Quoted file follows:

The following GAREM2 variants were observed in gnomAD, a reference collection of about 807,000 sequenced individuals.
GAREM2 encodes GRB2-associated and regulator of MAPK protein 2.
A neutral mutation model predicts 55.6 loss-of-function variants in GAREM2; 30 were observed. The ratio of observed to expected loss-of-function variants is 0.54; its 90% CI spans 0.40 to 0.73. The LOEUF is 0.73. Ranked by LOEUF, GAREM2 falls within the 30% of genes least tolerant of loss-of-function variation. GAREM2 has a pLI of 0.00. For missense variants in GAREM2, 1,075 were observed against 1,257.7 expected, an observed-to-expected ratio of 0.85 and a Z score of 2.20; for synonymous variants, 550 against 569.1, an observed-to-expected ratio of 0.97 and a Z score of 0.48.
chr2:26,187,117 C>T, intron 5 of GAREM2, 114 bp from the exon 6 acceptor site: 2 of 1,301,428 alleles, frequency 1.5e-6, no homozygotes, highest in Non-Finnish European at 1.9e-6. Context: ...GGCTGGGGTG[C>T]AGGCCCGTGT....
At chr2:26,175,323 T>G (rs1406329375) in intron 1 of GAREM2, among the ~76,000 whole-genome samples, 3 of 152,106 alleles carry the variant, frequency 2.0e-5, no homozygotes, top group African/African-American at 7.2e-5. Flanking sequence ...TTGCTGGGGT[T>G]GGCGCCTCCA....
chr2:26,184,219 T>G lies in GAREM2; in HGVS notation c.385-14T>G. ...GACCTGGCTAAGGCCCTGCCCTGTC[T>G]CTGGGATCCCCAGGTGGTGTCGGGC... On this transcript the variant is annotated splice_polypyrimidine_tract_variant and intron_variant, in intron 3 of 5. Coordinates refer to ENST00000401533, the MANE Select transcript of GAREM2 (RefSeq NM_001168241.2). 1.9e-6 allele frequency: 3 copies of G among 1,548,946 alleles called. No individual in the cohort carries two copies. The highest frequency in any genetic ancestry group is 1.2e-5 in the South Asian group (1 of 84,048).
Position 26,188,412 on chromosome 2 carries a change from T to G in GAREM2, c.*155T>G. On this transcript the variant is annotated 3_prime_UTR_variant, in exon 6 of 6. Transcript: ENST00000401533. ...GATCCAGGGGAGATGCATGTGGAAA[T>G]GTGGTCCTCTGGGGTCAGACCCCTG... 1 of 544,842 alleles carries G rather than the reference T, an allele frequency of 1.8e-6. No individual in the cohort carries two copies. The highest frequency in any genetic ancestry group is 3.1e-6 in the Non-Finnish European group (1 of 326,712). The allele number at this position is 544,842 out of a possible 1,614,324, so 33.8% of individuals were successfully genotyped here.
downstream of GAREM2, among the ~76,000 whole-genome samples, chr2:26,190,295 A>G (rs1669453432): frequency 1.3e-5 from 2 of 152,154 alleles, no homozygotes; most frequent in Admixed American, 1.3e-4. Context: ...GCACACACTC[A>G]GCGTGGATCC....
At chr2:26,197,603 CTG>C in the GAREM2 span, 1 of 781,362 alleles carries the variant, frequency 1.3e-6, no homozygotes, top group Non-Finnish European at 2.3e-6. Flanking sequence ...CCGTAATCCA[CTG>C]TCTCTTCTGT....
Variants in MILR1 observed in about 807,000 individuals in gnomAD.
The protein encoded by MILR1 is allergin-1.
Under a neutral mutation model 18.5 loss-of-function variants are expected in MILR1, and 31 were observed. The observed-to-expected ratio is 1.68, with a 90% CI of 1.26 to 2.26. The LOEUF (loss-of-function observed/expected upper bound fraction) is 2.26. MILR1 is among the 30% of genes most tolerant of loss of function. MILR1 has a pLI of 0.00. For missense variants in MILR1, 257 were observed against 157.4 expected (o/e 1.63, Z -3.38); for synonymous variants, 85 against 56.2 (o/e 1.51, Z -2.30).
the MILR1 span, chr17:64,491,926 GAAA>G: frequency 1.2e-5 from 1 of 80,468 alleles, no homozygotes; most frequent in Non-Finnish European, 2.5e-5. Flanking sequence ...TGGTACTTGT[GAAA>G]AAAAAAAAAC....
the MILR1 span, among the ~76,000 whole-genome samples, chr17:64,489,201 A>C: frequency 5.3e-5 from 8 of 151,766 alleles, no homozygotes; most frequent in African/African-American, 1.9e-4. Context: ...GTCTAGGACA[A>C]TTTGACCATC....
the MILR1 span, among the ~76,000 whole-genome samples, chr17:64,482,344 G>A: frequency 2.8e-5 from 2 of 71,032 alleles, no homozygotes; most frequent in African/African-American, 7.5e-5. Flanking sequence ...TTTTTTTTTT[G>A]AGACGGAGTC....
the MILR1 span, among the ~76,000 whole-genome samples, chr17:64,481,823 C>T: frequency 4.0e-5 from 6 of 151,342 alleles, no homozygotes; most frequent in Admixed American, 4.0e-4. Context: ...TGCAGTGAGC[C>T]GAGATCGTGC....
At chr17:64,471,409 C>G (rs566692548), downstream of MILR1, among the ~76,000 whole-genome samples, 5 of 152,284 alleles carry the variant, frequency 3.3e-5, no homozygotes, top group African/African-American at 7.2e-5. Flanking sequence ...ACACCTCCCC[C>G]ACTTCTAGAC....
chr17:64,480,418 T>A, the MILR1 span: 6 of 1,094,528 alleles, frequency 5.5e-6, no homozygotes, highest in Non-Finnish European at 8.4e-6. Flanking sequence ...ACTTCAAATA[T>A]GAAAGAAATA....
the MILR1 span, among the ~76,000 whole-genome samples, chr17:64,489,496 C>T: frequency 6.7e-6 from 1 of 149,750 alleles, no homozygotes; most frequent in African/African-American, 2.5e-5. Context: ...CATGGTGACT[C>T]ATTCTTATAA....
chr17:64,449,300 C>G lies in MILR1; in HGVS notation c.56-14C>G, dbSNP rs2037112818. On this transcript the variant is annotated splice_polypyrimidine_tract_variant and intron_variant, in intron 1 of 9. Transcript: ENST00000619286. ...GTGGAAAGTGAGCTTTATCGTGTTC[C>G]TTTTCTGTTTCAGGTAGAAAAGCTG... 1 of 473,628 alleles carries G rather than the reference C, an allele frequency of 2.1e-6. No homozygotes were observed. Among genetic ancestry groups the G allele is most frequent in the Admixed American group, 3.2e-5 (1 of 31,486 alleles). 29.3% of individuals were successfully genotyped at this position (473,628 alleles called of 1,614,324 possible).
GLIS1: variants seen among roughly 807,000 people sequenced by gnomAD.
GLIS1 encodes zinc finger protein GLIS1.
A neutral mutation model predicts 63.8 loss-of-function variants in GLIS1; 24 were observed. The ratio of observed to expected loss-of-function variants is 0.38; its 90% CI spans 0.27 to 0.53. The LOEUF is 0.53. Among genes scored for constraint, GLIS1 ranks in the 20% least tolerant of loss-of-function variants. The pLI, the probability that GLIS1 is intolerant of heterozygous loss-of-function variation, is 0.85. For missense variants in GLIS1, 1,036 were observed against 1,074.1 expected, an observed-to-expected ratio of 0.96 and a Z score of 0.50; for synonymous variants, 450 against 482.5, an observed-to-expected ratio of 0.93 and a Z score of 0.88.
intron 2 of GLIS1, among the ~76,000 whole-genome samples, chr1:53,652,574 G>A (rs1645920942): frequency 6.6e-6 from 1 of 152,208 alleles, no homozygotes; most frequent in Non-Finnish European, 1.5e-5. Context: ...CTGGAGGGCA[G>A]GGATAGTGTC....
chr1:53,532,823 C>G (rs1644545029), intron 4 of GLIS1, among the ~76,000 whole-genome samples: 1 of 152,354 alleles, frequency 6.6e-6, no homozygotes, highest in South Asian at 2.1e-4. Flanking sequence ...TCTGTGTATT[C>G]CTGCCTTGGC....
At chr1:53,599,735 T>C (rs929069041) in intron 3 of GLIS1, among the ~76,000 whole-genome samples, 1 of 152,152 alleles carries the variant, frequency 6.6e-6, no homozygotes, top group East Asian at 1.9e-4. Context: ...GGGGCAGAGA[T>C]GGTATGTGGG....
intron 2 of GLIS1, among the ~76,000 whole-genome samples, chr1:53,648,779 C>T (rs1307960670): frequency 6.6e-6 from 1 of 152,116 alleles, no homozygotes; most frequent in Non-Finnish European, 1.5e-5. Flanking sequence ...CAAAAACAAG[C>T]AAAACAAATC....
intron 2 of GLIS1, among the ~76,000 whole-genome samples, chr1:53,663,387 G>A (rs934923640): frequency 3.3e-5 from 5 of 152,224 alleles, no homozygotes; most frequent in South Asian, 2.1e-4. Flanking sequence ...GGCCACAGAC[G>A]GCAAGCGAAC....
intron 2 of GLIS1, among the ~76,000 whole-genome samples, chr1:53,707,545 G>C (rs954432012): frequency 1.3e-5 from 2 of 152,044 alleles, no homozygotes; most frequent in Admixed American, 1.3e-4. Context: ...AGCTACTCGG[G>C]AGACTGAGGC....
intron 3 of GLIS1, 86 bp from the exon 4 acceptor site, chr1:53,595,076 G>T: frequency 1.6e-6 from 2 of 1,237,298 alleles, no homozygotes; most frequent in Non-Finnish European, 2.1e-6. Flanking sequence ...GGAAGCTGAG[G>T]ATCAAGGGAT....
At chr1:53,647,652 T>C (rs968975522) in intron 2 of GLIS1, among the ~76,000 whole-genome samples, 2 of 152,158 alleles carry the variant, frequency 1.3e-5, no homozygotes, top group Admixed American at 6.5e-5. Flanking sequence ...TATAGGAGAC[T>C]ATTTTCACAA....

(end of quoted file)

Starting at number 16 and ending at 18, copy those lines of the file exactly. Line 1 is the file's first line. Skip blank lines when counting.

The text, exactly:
the MILR1 span, among the ~76,000 whole-genome samples, chr17:64,481,823 C>T: frequency 4.0e-5 from 6 of 151,342 alleles, no homozygotes; most frequent in Admixed American, 4.0e-4. Context: ...TGCAGTGAGC[C>T]GAGATCGTGC....
At chr17:64,471,409 C>G (rs566692548), downstream of MILR1, among the ~76,000 whole-genome samples, 5 of 152,284 alleles carry the variant, frequency 3.3e-5, no homozygotes, top group African/African-American at 7.2e-5. Flanking sequence ...ACACCTCCCC[C>G]ACTTCTAGAC....
chr17:64,480,418 T>A, the MILR1 span: 6 of 1,094,528 alleles, frequency 5.5e-6, no homozygotes, highest in Non-Finnish European at 8.4e-6. Flanking sequence ...ACTTCAAATA[T>A]GAAAGAAATA....